Editor’s Note: This is a contribution by Lindsey Kasch
“People are always blaming their circumstances for what they are. I don’t believe in circumstances. The people who get on in this world are the people who get up and look for the circumstances they want, and, if they can’t find them, make them.” ~George Bernard Shaw
Excuses. We all make them.
We make them for everything all the time without even realizing it, pointing the finger at someone or something else, anything or anyone but ourselves.
I didn’t think I made excuses. Blaming people? Who me? No way!
Once I took a real, hard look at my life I realized I was fullof excuses and blame—excuses for why I was always running late, why I couldn’t start living a healthier life, do the dishes, go out on a Friday night, or call someone back.
Excuses for why I couldn’t do this or that, why I wasn’t good enough, why my life wasn’t what I wished it was, why my financial situation wasn’t the best, why I was upset at someone.
You name it, I had an excuse. I blamed everything and everyone under the sun for why I couldn’t do this or have that, why I felt a certain way, why I wasn’t fulfilled or happy. Nothing was my fault or my responsibility. This was hard to see and even harder to finally admit.
What increased my self-awareness about the excuses I made was a cold, hard dose of reality when I broke up with my fiancé and boyfriend of five years. I chose to leave because it didn’t feel right, but it left me shattered and heartbroken. It became painfully clear that I really had no idea who I was.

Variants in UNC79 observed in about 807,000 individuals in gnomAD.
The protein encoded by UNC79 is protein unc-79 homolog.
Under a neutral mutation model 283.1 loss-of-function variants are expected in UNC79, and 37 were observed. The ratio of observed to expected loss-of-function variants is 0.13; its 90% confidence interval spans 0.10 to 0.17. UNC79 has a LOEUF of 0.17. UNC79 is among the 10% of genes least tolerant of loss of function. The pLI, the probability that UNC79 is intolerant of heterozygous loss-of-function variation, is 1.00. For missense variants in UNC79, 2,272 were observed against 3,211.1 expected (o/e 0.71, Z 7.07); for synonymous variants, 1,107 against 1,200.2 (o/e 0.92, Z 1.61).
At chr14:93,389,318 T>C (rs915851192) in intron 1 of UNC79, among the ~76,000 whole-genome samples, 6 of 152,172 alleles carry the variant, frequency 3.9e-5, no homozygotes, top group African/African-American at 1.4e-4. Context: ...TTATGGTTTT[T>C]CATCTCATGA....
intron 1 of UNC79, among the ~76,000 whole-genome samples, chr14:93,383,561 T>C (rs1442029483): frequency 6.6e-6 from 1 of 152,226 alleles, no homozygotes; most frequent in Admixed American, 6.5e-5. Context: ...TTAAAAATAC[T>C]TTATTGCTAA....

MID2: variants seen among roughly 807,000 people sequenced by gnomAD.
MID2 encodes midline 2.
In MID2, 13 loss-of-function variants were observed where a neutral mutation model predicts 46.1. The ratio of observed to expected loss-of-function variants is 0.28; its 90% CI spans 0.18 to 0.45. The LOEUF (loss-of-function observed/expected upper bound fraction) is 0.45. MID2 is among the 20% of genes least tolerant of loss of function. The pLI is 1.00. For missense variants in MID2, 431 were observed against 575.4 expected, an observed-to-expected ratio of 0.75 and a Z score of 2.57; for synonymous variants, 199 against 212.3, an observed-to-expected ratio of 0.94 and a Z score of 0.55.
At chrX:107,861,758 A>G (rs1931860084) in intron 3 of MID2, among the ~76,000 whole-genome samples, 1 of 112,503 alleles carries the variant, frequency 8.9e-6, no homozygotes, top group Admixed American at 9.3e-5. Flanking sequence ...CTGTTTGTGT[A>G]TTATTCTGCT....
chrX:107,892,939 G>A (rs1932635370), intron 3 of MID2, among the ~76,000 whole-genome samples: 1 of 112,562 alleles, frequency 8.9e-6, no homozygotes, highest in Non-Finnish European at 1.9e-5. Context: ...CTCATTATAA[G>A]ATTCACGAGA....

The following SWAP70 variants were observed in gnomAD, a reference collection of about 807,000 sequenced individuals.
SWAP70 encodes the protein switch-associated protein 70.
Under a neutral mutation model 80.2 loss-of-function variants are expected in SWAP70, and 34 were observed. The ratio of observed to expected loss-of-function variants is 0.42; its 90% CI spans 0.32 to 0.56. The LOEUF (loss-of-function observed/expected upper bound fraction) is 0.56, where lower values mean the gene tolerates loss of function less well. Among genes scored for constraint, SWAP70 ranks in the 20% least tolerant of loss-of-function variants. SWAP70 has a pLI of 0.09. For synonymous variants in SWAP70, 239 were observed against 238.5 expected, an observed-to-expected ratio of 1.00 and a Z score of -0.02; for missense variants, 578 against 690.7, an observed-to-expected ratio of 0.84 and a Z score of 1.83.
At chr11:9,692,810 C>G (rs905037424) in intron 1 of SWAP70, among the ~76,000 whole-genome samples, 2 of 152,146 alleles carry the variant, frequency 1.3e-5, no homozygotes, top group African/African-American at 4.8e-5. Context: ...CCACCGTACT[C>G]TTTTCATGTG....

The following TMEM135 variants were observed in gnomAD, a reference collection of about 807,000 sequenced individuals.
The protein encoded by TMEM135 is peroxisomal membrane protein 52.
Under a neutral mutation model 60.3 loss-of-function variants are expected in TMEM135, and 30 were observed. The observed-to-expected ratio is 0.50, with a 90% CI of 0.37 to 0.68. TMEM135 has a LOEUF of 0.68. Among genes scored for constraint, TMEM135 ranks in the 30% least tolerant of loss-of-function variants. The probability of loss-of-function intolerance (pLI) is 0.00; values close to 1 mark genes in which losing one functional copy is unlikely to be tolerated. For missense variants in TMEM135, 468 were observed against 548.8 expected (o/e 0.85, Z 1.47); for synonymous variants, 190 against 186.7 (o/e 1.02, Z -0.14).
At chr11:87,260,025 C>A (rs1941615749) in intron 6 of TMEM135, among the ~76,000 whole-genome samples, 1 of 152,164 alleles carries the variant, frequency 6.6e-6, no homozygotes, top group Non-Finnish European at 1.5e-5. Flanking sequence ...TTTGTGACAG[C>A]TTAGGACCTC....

I was forced to figure myself out. For the first time ever I was being honest with myself. Brutally honest—honest about everything! Before this happened I had never once stopped to think about my choices and how they had affected my life and the people around me.
I used to think that life happened and I had no control over it. Things happened to me. Life was hard and unfair. It wasn’t my fault that I wasn’t happy or didn’t have what I thought I wanted or needed. It was the fault of those around me.
Since I wasn’t happy or fulfilled, I thought it was my boyfriend’s fault. For years I put that responsibility in his hands. I never took responsibility for my actions or myself.
By putting the responsibility of my happiness in his hands I was setting us both up for failure. Figuring this out was just the tip of the iceberg. It made me realize just how often I made excuses and passed blame in all areas of my life. No wonder I wasn’t happy!
You may not think you make excuses or pass blame. You even may find yourself getting irritated when you notice other people doing these things—so how could you be doing them yourself? Or maybe you’re ticked off that I’m insinuating that you do.
I challenge you to start taking a look at yourself. Pay attention to your choices, your decisions, and your reasons for doing (or not doing) certain things. You might be surprised to find just how many excuses you make on a day-to-day basis.
Don’t judge yourself. Just notice what comes up. Really pay attention.
When we continue to make excuses and blame others, we are actually giving our power away.
We are telling ourselves that we have no control over our behaviors, our decisions, our lives, and our feelings. That is just not true!